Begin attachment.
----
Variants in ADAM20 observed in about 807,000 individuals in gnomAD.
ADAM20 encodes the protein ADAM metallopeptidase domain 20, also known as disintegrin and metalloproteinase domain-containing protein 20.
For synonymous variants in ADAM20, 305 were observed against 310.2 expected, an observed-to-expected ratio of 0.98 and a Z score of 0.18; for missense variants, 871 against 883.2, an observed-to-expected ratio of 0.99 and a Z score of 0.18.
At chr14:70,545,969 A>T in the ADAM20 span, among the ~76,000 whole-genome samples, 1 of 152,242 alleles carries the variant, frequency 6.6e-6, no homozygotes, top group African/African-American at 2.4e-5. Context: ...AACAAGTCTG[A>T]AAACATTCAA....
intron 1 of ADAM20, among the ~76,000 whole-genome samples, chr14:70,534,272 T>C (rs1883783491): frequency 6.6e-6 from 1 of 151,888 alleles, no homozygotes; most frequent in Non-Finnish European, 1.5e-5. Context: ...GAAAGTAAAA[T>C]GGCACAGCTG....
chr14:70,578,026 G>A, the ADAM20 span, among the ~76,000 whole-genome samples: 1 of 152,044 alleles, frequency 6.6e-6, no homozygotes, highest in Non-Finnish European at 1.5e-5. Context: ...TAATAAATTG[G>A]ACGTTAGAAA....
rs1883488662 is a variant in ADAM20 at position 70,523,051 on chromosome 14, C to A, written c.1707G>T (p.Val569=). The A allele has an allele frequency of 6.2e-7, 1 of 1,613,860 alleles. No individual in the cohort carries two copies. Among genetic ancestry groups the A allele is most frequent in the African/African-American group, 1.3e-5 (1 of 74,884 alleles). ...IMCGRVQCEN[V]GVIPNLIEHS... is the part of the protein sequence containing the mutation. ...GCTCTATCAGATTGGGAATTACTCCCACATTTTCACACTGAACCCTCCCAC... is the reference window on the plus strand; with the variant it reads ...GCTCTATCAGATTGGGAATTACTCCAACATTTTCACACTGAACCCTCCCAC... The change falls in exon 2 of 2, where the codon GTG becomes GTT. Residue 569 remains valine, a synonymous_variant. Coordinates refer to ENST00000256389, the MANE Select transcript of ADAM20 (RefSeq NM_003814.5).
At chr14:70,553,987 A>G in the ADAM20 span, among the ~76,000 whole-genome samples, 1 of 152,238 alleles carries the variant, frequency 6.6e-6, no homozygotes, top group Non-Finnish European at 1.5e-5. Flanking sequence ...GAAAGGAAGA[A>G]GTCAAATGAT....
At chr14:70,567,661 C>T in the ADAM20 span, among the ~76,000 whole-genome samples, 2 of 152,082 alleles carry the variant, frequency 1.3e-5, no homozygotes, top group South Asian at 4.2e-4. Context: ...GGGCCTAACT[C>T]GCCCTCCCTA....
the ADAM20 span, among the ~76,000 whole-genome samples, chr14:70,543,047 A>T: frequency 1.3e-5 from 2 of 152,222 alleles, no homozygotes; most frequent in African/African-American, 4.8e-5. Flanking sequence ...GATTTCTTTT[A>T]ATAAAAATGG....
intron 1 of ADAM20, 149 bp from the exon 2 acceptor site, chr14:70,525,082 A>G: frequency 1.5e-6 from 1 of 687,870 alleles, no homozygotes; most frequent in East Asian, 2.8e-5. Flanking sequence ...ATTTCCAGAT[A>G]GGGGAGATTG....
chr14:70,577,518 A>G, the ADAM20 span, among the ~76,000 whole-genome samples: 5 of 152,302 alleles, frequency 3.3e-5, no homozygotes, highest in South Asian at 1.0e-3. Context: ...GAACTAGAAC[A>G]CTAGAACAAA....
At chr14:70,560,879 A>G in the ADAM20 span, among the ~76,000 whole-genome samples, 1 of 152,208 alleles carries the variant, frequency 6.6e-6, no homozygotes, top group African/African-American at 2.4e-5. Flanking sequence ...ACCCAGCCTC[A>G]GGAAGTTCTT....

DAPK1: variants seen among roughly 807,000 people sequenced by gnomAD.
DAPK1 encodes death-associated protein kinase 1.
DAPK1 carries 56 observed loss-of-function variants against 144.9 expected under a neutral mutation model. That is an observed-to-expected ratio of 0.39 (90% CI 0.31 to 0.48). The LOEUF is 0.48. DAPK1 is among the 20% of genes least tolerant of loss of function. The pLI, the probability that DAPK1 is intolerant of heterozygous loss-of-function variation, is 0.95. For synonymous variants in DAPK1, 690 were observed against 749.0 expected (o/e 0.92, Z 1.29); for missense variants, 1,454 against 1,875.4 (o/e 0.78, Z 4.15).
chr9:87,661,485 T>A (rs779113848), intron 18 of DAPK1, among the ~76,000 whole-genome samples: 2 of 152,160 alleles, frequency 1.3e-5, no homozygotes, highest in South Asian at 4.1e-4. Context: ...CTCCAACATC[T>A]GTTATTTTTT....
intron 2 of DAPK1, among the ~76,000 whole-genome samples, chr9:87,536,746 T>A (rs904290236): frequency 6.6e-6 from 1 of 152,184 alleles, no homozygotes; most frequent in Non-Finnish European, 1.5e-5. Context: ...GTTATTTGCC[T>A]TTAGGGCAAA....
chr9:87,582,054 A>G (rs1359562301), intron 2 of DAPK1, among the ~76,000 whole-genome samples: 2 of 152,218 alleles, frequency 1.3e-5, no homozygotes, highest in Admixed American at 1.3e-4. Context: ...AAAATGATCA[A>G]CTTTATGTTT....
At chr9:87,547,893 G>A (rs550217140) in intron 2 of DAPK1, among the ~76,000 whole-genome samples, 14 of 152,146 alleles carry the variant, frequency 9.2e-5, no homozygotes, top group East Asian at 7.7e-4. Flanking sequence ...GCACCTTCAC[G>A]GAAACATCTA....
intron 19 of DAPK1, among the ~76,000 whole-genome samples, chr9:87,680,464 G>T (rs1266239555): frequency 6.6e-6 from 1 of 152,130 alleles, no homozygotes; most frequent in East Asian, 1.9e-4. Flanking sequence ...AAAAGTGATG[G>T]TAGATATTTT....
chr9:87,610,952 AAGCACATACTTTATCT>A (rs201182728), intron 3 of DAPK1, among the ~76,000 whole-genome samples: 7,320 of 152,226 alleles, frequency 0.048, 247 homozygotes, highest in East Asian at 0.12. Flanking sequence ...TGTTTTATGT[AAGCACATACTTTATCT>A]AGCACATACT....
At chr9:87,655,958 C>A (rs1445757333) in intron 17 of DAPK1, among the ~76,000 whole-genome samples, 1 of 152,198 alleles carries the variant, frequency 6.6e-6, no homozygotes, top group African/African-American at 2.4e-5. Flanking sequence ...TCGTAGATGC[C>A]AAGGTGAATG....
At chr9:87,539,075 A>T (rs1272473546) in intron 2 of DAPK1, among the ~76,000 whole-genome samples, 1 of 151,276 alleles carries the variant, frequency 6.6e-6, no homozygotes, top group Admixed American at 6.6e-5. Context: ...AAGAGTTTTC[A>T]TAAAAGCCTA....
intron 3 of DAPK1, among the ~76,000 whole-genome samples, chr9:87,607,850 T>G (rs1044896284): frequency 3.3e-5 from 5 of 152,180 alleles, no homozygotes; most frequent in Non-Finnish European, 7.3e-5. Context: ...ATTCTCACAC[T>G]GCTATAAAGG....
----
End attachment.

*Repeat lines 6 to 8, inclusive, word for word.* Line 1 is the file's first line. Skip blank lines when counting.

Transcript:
chr14:70,578,026 G>A, the ADAM20 span, among the ~76,000 whole-genome samples: 1 of 152,044 alleles, frequency 6.6e-6, no homozygotes, highest in Non-Finnish European at 1.5e-5. Context: ...TAATAAATTG[G>A]ACGTTAGAAA....
rs1883488662 is a variant in ADAM20 at position 70,523,051 on chromosome 14, C to A, written c.1707G>T (p.Val569=). The A allele has an allele frequency of 6.2e-7, 1 of 1,613,860 alleles. No individual in the cohort carries two copies. Among genetic ancestry groups the A allele is most frequent in the African/African-American group, 1.3e-5 (1 of 74,884 alleles). ...IMCGRVQCEN[V]GVIPNLIEHS... is the part of the protein sequence containing the mutation. ...GCTCTATCAGATTGGGAATTACTCCCACATTTTCACACTGAACCCTCCCAC... is the reference window on the plus strand; with the variant it reads ...GCTCTATCAGATTGGGAATTACTCCAACATTTTCACACTGAACCCTCCCAC... The change falls in exon 2 of 2, where the codon GTG becomes GTT. Residue 569 remains valine, a synonymous_variant. Coordinates refer to ENST00000256389, the MANE Select transcript of ADAM20 (RefSeq NM_003814.5).
At chr14:70,553,987 A>G in the ADAM20 span, among the ~76,000 whole-genome samples, 1 of 152,238 alleles carries the variant, frequency 6.6e-6, no homozygotes, top group Non-Finnish European at 1.5e-5. Flanking sequence ...GAAAGGAAGA[A>G]GTCAAATGAT....